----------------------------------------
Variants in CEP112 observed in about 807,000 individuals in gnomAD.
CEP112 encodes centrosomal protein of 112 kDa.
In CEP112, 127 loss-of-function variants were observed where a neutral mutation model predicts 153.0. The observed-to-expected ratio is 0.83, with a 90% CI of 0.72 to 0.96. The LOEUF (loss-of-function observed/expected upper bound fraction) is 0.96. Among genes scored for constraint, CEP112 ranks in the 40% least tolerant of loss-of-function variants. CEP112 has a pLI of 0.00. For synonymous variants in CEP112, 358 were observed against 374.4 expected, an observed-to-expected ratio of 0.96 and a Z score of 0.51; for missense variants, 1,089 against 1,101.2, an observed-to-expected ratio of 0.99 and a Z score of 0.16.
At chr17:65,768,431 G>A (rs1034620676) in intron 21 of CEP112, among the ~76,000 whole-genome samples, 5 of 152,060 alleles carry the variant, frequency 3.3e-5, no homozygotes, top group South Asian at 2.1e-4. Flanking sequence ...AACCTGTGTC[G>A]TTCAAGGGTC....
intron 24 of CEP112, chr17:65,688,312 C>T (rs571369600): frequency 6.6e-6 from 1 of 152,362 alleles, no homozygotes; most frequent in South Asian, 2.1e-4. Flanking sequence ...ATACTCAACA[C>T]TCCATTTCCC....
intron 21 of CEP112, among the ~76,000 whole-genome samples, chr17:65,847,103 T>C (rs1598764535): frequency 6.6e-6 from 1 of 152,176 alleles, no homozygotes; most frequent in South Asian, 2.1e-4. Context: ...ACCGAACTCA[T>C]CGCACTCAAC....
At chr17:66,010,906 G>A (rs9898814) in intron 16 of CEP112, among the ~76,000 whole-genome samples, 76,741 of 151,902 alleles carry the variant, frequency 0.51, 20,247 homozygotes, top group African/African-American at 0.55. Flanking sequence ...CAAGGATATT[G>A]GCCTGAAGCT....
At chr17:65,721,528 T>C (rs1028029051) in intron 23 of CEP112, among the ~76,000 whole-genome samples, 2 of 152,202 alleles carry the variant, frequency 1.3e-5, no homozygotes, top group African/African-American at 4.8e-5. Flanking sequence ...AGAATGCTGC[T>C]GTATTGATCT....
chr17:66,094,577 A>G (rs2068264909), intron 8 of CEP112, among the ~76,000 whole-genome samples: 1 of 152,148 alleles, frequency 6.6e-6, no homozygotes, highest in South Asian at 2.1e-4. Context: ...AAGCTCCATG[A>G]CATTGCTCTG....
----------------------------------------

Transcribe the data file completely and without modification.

Variants in CEP112 observed in about 807,000 individuals in gnomAD.
CEP112 encodes centrosomal protein of 112 kDa.
In CEP112, 127 loss-of-function variants were observed where a neutral mutation model predicts 153.0. The observed-to-expected ratio is 0.83, with a 90% CI of 0.72 to 0.96. The LOEUF (loss-of-function observed/expected upper bound fraction) is 0.96. Among genes scored for constraint, CEP112 ranks in the 40% least tolerant of loss-of-function variants. CEP112 has a pLI of 0.00. For synonymous variants in CEP112, 358 were observed against 374.4 expected, an observed-to-expected ratio of 0.96 and a Z score of 0.51; for missense variants, 1,089 against 1,101.2, an observed-to-expected ratio of 0.99 and a Z score of 0.16.
At chr17:65,768,431 G>A (rs1034620676) in intron 21 of CEP112, among the ~76,000 whole-genome samples, 5 of 152,060 alleles carry the variant, frequency 3.3e-5, no homozygotes, top group South Asian at 2.1e-4. Flanking sequence ...AACCTGTGTC[G>A]TTCAAGGGTC....
intron 24 of CEP112, chr17:65,688,312 C>T (rs571369600): frequency 6.6e-6 from 1 of 152,362 alleles, no homozygotes; most frequent in South Asian, 2.1e-4. Flanking sequence ...ATACTCAACA[C>T]TCCATTTCCC....
intron 21 of CEP112, among the ~76,000 whole-genome samples, chr17:65,847,103 T>C (rs1598764535): frequency 6.6e-6 from 1 of 152,176 alleles, no homozygotes; most frequent in South Asian, 2.1e-4. Context: ...ACCGAACTCA[T>C]CGCACTCAAC....
At chr17:66,010,906 G>A (rs9898814) in intron 16 of CEP112, among the ~76,000 whole-genome samples, 76,741 of 151,902 alleles carry the variant, frequency 0.51, 20,247 homozygotes, top group African/African-American at 0.55. Flanking sequence ...CAAGGATATT[G>A]GCCTGAAGCT....
At chr17:65,721,528 T>C (rs1028029051) in intron 23 of CEP112, among the ~76,000 whole-genome samples, 2 of 152,202 alleles carry the variant, frequency 1.3e-5, no homozygotes, top group African/African-American at 4.8e-5. Flanking sequence ...AGAATGCTGC[T>C]GTATTGATCT....
chr17:66,094,577 A>G (rs2068264909), intron 8 of CEP112, among the ~76,000 whole-genome samples: 1 of 152,148 alleles, frequency 6.6e-6, no homozygotes, highest in South Asian at 2.1e-4. Context: ...AAGCTCCATG[A>G]CATTGCTCTG....